We Need More Heroes

Published: November 9, 2021

By Jim Lichtman
Image
Read More

“Courage shows up all the time in this world and often without any fanfare.”—Michael Keaton, in a 2018 speech honoring the centennial celebration of the founding of the Carnegie Hero Fund Commission by Andrew Carnegie.

On July 20, 2012 the horrific shooting an Aurora, Colorado movie theater left 12 dead, and 70 wounded. Heroism arrived on the scene when first responders and medical teams saved lives. Some carried the wounded to safety, others sacrificed themselves to save others – specifically Jonathan Blunk, 26; John Larimer, 27; Matt McQuinn, 27; and Alex Teves, 2424, whose lives were taken while shielding others during the shooting.

Andrew Carnegie was an industrialist responsible for making the highest-grade steel in the world. He was arguably the greatest philanthropist the United States has ever seen.

During the last 18 years of his life, Carnegie gave away around $350 million (roughly $5.2 billion in 2020) to a variety of special interests: Carnegie Hall, Carnegie Institute, Carnegie Mellon University, Carnegie Institute of Washington, the Carnegie Dunfermline Trust, the Carnegie Foundation for the Advancement of Teaching, the Carnegie Foundation for International Peace, Carnegie Corporation of New York, Carnegie Council for Ethics in International Affairs, and the Carnegie Hero Fund Commission.

A 1904 coal mine disaster in Pittsburgh motivated Carnegie to form the Hero Fund to formally recognize heroic acts.

“We live in a heroic age,” Andrew Carnegie wrote in the opening lines of the Commission’s founding in 1904. “Not seldom are we thrilled by deeds of heroism where men or women are injured or lose their lives in attempting to preserve or rescue their fellows.”

“To date, more than 10,000 medals have been awarded, the recipients selected from more than 100,000 nominees. About 20 percent of the Medals are awarded posthumously.”

Among those to be awarded this past September: “John D. Colter, 66, who rushed into his daughter’s home after hearing gunshots and confronted her estranged husband, who had shot and wounded her. As he wrestled over control of the gun, Colter yelled for his daughter to go get help. Minutes later, the gunman shot and killed Colter, and fled.

Evan Patrick Ishima, 24, and Gabriel Cedrik Saechao, 20, attempted to rescue another man who had submerged at the top of a waterfall along a hiking trail; Draven M. Starr-Howell, 20; Edgar F. Moreno Alba, 17; and Sivad H. Johnson, 49, all drowned while attempting to rescue children who were struggling in deep water in three separate incidents. Allen Robert Linder will also receive the Carnegie Medal posthumously; he died attempting to save a young woman who suffocated inside the tank of a tanker truck that she was cleaning. Shortly after entering, Linder lost consciousness and could not be revived.”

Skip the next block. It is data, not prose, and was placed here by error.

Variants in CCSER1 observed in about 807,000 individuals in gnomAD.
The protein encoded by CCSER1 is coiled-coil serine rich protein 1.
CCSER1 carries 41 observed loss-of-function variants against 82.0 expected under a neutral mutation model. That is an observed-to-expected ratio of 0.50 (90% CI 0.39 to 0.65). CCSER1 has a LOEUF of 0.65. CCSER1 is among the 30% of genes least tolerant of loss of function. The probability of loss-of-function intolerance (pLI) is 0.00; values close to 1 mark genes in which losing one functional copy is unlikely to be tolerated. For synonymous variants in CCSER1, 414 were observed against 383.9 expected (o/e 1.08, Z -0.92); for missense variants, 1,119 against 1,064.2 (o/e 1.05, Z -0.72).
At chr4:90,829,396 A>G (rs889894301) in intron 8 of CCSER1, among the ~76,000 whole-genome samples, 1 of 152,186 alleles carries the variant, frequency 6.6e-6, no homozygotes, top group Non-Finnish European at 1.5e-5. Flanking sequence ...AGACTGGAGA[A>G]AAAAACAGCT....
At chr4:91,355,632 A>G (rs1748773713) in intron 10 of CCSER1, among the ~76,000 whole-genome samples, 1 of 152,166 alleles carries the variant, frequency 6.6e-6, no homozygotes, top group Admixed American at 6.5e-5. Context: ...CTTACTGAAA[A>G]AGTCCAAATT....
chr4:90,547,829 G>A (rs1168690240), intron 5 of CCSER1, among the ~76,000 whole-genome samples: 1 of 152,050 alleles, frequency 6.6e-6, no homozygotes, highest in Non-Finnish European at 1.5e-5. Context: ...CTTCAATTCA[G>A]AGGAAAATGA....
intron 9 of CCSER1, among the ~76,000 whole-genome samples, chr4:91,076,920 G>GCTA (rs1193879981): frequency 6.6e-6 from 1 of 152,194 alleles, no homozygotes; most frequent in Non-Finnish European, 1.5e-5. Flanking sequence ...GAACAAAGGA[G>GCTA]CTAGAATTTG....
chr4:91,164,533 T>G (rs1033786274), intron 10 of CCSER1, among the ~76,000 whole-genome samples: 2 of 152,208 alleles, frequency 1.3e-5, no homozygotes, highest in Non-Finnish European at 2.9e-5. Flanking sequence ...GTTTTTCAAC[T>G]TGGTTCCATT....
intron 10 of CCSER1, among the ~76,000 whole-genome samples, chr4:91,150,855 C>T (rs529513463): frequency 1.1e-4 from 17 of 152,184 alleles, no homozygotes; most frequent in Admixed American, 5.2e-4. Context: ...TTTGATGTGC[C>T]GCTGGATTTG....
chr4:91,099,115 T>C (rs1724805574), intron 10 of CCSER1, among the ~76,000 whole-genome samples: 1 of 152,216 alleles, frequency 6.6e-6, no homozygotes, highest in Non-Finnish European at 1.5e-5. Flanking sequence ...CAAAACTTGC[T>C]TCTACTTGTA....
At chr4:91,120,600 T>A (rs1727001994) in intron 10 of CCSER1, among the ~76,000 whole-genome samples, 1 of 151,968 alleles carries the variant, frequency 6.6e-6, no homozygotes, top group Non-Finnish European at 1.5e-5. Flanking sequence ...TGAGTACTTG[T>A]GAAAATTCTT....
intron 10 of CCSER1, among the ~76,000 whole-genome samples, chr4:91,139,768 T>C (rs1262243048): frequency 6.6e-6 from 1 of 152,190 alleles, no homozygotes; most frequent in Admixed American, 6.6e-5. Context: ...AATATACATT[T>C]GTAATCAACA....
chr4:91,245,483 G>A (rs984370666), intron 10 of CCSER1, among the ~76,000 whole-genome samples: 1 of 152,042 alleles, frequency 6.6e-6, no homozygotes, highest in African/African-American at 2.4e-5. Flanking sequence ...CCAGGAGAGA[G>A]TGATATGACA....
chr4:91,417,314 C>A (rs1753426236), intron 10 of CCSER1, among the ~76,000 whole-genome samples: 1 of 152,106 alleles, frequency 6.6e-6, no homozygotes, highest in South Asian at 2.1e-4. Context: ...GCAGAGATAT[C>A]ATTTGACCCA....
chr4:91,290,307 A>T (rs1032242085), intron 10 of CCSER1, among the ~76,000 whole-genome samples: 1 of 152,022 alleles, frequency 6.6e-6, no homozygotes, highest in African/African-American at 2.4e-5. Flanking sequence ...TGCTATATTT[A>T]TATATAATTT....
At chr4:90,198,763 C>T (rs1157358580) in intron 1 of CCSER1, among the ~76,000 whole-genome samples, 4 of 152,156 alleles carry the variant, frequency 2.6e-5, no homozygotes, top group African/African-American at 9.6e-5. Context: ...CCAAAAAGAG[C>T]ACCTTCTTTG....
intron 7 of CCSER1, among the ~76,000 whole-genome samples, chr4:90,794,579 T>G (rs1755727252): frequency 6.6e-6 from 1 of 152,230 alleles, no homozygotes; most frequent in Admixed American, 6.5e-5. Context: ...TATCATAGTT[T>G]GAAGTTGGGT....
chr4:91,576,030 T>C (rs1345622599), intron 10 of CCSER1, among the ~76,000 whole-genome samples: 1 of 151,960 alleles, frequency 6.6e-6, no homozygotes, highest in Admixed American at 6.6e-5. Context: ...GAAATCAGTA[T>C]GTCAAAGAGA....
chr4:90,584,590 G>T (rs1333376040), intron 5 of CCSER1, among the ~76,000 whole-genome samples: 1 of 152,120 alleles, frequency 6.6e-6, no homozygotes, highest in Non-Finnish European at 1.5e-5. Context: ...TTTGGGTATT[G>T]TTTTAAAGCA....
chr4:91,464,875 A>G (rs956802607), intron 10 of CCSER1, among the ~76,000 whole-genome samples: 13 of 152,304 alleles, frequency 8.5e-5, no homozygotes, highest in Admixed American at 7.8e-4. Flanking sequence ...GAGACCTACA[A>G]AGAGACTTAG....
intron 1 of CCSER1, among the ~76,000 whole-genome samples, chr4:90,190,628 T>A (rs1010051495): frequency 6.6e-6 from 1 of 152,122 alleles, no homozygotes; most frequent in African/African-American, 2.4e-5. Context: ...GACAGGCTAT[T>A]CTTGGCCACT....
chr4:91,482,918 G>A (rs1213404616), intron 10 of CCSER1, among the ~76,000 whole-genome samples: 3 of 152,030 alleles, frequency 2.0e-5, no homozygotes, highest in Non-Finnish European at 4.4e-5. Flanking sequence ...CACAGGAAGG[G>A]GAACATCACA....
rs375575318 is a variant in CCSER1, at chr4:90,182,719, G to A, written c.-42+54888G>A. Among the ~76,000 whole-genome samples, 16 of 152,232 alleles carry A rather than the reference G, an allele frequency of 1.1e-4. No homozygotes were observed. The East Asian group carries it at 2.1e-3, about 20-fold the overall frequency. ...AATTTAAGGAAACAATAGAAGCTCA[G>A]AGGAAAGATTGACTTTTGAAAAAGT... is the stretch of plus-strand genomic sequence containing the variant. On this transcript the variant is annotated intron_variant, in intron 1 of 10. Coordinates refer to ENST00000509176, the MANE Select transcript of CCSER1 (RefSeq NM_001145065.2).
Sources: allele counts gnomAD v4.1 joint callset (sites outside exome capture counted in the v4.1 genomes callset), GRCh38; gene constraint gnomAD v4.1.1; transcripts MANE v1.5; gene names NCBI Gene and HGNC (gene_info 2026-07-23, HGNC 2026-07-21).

Retired Marine Captain, Dale Dye offers the clearest definition of a hero.

“I would say a hero has two basic qualities: a selfless devotion to what’s right, whether that’s his duty or not, and the courage of his convictions. That’s simplistic but the classic example, of course, is the firemen and policemen who went into the World Trade Center and the Pentagon.

“Look, that was a dangerous situation. Everybody knew it was a dangerous situation. But those folks had a higher devotion of doing something larger than themselves. It wasn’t just about a job at that point. Nobody is going to die for a job. They were outside themselves . . . people, who demonstrated a larger view of things, who think, feel and respond outside themselves. And thinking is sometimes a confusing term. I don’t think genuine heroes spend a lot of time contemplating that issue. I think they instinctively feel it as – this is right. And if you were to press them, in many cases, they probably couldn’t tell you why other than some vague notion. And that’s okay. It’s not necessary that our heroes be massive intellectuals. It’s only important that they do what needs doing in critical situations.”

No matter the battlefield, we need more heroes: military, medical, corporate, institutional, and political. We need heroes to remind us that individual courage inspires us all to act outside ourselves and do what is necessary to help others.

This past July, US Representatives Ed Perlmutter and Jason Crow of Colorado introduced a resolution in the House to designate July 20 as “National Heroes Day” to honor the sacrifices of everyday heroes.

Comments

Leave a Comment



Read More Articles
The Latest... And Sometimes Greatest
We Need the Strength of Heroes
The Date: September 28, 1955 The Place: Yankee Stadium The Event: Dodgers/Yankees, Game 1 of the 1955 World Series Every baseball fan has seen the...
April 19, 2024
A Time of Troubles, A Time of Opportunities
It’s getting harder and harder to see the light at the end of a dark, relentless tunnel of anger and war at home and abroad....
April 16, 2024
Conscience of the Senate
Continued from Tuesday’s commentary, I offer two Senate leaders from the past. Tuesday, I spoke of the integrity of Republican John Williams. Today, I offer...
April 12, 2024
A Long Time Ago in a Washington Far, Far Away. . .
. . . two U.S. Senators, one Republican, one Democrat, showed us the meaning of duty and character. Republican John Williams, a chicken farmer and...
April 9, 2024
This is The America I Know
We Americans have many grave problems to solve, many threatening evils to fight, and many deeds to do, if, as we hope and believe, we...
April 5, 2024
We Need Moments Like This
Embed from Getty Images Let’s face it, we’re a mess. We’re living moment to moment, crisis to crisis at home and abroad. Every time you...
April 2, 2024